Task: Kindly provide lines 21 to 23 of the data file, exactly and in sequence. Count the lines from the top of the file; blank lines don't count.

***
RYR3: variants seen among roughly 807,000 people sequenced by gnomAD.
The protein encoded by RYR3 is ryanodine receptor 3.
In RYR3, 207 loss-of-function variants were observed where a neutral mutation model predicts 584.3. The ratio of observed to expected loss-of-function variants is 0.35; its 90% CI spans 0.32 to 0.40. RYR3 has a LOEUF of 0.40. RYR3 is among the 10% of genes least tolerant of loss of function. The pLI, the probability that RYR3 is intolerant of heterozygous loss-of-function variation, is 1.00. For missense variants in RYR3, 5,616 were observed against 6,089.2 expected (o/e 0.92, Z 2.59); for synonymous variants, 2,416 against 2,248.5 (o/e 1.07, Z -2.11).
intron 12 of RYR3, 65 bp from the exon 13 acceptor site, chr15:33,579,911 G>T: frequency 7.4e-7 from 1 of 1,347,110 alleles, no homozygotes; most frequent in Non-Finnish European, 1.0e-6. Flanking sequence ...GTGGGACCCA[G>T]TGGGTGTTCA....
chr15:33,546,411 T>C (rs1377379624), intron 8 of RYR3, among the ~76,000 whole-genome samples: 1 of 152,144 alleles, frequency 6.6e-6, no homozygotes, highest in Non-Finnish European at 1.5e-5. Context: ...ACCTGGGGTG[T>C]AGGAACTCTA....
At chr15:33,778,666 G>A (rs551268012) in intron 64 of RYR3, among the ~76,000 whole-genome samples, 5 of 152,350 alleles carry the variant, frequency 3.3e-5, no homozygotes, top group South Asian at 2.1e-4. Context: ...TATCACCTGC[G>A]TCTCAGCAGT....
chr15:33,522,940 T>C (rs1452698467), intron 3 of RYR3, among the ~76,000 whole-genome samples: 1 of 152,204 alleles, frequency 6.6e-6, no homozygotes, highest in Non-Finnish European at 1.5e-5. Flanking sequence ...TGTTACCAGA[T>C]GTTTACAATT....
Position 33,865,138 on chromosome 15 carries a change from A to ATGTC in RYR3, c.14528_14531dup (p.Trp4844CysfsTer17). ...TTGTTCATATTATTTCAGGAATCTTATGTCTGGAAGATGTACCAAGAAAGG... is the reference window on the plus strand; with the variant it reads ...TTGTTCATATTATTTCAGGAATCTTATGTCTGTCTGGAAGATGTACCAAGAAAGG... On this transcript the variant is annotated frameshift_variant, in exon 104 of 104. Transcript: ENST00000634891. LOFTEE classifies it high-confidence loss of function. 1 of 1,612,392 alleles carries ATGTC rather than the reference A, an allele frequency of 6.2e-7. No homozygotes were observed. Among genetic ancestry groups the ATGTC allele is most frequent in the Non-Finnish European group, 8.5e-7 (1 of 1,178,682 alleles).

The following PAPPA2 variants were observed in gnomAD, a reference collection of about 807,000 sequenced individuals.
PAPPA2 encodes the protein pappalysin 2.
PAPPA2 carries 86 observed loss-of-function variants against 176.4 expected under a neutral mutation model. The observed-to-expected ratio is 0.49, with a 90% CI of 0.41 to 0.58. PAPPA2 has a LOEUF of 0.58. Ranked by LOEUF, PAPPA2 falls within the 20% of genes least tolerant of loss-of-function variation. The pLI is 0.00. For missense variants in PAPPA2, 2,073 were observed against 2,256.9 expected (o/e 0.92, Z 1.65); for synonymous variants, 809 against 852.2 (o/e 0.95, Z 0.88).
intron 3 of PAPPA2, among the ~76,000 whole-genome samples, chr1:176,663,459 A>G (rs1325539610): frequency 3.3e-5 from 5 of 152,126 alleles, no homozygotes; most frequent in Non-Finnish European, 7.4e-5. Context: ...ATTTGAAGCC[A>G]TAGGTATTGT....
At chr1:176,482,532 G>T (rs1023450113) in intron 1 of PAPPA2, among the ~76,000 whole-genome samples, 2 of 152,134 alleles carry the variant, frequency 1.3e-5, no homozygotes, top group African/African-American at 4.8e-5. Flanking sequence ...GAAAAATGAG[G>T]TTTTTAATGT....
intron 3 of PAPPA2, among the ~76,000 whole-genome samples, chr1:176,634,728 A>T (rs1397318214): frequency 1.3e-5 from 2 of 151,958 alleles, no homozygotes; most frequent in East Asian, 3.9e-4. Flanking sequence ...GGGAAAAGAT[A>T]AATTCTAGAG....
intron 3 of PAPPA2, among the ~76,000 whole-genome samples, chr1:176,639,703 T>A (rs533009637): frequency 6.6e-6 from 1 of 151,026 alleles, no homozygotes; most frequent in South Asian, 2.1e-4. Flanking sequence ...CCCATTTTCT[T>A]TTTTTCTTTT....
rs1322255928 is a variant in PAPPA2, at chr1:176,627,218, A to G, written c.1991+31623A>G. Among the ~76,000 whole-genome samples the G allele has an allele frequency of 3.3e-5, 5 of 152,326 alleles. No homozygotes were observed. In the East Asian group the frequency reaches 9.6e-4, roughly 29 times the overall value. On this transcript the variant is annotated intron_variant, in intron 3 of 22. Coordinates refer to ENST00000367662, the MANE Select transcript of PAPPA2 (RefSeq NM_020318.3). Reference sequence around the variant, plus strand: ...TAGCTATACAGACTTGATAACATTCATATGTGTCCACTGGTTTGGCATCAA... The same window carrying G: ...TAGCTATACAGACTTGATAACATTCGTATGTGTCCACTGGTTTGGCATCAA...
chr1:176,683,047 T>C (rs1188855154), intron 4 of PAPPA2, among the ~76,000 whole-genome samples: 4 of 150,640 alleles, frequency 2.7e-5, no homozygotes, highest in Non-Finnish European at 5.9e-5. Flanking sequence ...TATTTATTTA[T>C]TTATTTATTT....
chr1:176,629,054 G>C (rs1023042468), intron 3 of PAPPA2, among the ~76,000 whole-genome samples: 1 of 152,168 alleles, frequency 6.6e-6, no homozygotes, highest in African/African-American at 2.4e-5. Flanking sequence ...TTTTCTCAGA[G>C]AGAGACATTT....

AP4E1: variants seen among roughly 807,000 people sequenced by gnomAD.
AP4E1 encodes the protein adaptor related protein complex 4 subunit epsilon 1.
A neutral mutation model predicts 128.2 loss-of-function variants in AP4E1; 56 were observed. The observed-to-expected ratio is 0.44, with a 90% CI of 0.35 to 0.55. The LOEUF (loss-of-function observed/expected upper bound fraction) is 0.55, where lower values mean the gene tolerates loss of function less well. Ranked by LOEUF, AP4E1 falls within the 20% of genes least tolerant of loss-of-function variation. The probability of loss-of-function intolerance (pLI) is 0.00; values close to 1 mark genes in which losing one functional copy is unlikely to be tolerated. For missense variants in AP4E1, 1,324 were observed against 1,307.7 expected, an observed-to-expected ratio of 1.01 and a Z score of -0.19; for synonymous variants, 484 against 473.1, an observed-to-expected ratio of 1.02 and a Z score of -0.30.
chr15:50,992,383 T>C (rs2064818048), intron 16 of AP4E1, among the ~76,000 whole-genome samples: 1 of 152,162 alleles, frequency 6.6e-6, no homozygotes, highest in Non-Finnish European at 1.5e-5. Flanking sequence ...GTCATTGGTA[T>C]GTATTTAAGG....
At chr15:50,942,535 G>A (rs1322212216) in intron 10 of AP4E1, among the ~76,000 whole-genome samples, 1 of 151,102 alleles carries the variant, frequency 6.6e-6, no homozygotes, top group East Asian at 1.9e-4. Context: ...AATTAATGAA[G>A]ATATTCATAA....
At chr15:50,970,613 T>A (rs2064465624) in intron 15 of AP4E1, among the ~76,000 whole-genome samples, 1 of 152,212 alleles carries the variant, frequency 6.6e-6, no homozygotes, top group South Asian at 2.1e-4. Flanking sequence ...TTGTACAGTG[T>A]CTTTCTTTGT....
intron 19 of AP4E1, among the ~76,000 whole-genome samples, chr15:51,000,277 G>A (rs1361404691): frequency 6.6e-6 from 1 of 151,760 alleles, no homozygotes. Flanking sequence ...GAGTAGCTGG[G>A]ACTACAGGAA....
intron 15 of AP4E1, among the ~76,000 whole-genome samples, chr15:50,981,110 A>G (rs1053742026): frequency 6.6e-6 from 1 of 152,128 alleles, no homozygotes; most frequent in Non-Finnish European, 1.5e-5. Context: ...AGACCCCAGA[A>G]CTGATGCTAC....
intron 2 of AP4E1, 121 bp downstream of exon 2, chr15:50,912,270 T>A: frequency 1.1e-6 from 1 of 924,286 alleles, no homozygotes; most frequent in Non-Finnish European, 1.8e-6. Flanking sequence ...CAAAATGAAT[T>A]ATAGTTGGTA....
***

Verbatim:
A neutral mutation model predicts 128.2 loss-of-function variants in AP4E1; 56 were observed. The observed-to-expected ratio is 0.44, with a 90% CI of 0.35 to 0.55. The LOEUF (loss-of-function observed/expected upper bound fraction) is 0.55, where lower values mean the gene tolerates loss of function less well. Ranked by LOEUF, AP4E1 falls within the 20% of genes least tolerant of loss-of-function variation. The probability of loss-of-function intolerance (pLI) is 0.00; values close to 1 mark genes in which losing one functional copy is unlikely to be tolerated. For missense variants in AP4E1, 1,324 were observed against 1,307.7 expected, an observed-to-expected ratio of 1.01 and a Z score of -0.19; for synonymous variants, 484 against 473.1, an observed-to-expected ratio of 1.02 and a Z score of -0.30.
chr15:50,992,383 T>C (rs2064818048), intron 16 of AP4E1, among the ~76,000 whole-genome samples: 1 of 152,162 alleles, frequency 6.6e-6, no homozygotes, highest in Non-Finnish European at 1.5e-5. Flanking sequence ...GTCATTGGTA[T>C]GTATTTAAGG....
At chr15:50,942,535 G>A (rs1322212216) in intron 10 of AP4E1, among the ~76,000 whole-genome samples, 1 of 151,102 alleles carries the variant, frequency 6.6e-6, no homozygotes, top group East Asian at 1.9e-4. Context: ...AATTAATGAA[G>A]ATATTCATAA....